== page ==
Neuroradiological features of lymphomatosis cerebri: A systematic review of the English literature with a new case report
- Long Li
- Jia‑Hui Rong
- Jie Feng
Affiliations: Department of Radiology, Guangdong Provincial Corps Hospital of Chinese People's Armed Police Forces, Guangzhou Medical University, Guangzhou, Guangdong 510507, P.R. China, Diagnostic Imaging Center, Nanfang Hospital, Southern Medical University, Guangzhou, Guangdong 510515, P.R. China
- Published online on: May 30, 2018 https://doi.org/10.3892/ol.2018.8839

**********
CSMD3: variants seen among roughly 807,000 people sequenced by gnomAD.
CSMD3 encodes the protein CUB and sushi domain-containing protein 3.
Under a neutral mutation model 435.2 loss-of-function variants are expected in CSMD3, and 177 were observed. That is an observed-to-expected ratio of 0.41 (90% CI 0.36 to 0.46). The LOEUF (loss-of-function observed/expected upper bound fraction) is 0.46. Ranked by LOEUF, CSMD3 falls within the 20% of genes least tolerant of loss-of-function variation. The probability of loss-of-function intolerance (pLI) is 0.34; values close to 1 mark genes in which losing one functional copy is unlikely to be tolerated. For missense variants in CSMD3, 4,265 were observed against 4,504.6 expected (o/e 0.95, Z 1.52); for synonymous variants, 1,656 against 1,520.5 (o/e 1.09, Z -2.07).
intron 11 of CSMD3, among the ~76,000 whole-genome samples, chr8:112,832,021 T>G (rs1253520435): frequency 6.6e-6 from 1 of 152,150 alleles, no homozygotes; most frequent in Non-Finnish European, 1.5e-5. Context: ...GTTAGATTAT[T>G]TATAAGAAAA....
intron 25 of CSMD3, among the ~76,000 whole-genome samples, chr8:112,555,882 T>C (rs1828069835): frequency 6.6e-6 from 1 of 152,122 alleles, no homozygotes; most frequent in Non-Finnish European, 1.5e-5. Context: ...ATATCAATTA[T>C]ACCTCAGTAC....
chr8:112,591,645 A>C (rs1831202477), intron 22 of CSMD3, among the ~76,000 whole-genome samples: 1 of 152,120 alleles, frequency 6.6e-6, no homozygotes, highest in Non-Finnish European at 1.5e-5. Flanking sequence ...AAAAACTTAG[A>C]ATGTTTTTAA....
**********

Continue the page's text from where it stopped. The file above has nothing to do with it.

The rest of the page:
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Lymphomatosis cerebri is a rare form of diffusely infiltrating primary central nervous system (CNS) lymphoma (PCNSL). The neuroradiological findings of lymphomatosis cerebri have not been adequately characterized, as the relevant literature consists only of case reports and small case series. The present study describes an unusual presentation of lymphomatosis cerebri in a 56‑year‑old immunocompetent woman who presented with diffusely infiltrating lesions with perivascular curvilinear enhancement on initial magnetic resonance imaging (MRI) and multiple nodules on the later follow‑up computed tomography (CT) scan. A systematic review of the literature is also performed searching PubMed between January 1996 and December 2016 to collect all pertinent case reports and series written in the English language with pathologically confirmed lymphomatosis cerebri and diffuse infiltrative PCNSL without cohesive masses on initial MRI. A total of 45 cases were identified from 39 articles and the present case report. The patient ages ranged from 28 to 85 years (mean, 57.3 years). Only 3 patients (6.7%) were immunosuppressed (acquired immune deficiency syndrome patients). The most common clinical presentation was cognitive changes or dementia (46.7%). Cerebrospinal fluid analysis in all cases was non‑specific. Diffuse and asymmetric abnormal T2‑hyperintensity in deep and subcortical white matter was observed in all cases. Gray matter involvement (17.8%), spreading along the corticospinal tract (35.6%) and a slight mass effect (51.1%) also were observed. Contrast‑enhanced patterns on MRI could be divided into three forms of non‑enhancement (64.4%) and non‑mass‑like enhancement (35.6%) on initial MRI, as well as nodular or mass‑like enhancement on the later follow‑up MRI (15.6%). There were non‑specific findings on magnetic resonance spectroscopy for 4 patients, on positron emission tomography/CT for 12 patients and on single‑photon emission CT for 1 patient. Diagnosis was established by brain biopsy in 35 cases (77.8%) and autopsy in 9 cases (20%), involving B‑cell lymphoma in 40 cases (88.9%) and T‑cell lymphoma in 4 cases (8.9%). In conclusion, lymphomatosis cerebri, namely diffuse PCNSL or diffuse lymphoma of the CNS, is characterized by rapidly progressive dementia in the elderly, diffusely infiltrated CNS white matter along the corticospinal tract, possible involvement of the gray matter, a slight mass effect and varied contrast‑enhancement patterns on MRI. Non‑enhancement or non‑mass‑like enhancement on MRI may be a special form of diffuse PCNL during disease development and progression.